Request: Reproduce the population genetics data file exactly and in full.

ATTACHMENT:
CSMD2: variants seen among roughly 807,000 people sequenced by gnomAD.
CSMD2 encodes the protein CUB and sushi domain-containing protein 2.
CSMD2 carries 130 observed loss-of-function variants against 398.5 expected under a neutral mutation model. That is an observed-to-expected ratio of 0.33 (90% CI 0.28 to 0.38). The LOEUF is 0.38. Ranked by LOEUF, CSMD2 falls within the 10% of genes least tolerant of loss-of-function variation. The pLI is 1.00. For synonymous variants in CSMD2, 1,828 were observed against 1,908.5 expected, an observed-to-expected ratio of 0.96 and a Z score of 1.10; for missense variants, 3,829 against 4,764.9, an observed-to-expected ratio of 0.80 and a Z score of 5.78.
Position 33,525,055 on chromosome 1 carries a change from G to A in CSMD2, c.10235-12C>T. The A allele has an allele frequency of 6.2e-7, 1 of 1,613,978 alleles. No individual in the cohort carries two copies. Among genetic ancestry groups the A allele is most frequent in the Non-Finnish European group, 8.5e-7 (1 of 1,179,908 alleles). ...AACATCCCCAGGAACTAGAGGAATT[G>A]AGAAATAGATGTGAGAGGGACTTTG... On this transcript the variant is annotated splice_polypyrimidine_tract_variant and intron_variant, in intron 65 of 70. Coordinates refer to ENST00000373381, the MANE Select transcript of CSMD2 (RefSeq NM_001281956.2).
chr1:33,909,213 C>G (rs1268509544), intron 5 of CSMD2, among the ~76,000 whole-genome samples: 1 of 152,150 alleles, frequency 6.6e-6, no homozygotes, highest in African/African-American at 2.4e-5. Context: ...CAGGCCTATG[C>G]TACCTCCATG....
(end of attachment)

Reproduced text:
CSMD2: variants seen among roughly 807,000 people sequenced by gnomAD.
CSMD2 encodes the protein CUB and sushi domain-containing protein 2.
CSMD2 carries 130 observed loss-of-function variants against 398.5 expected under a neutral mutation model. That is an observed-to-expected ratio of 0.33 (90% CI 0.28 to 0.38). The LOEUF is 0.38. Ranked by LOEUF, CSMD2 falls within the 10% of genes least tolerant of loss-of-function variation. The pLI is 1.00. For synonymous variants in CSMD2, 1,828 were observed against 1,908.5 expected, an observed-to-expected ratio of 0.96 and a Z score of 1.10; for missense variants, 3,829 against 4,764.9, an observed-to-expected ratio of 0.80 and a Z score of 5.78.
Position 33,525,055 on chromosome 1 carries a change from G to A in CSMD2, c.10235-12C>T. The A allele has an allele frequency of 6.2e-7, 1 of 1,613,978 alleles. No individual in the cohort carries two copies. Among genetic ancestry groups the A allele is most frequent in the Non-Finnish European group, 8.5e-7 (1 of 1,179,908 alleles). ...AACATCCCCAGGAACTAGAGGAATT[G>A]AGAAATAGATGTGAGAGGGACTTTG... On this transcript the variant is annotated splice_polypyrimidine_tract_variant and intron_variant, in intron 65 of 70. Coordinates refer to ENST00000373381, the MANE Select transcript of CSMD2 (RefSeq NM_001281956.2).
chr1:33,909,213 C>G (rs1268509544), intron 5 of CSMD2, among the ~76,000 whole-genome samples: 1 of 152,150 alleles, frequency 6.6e-6, no homozygotes, highest in African/African-American at 2.4e-5. Context: ...CAGGCCTATG[C>G]TACCTCCATG....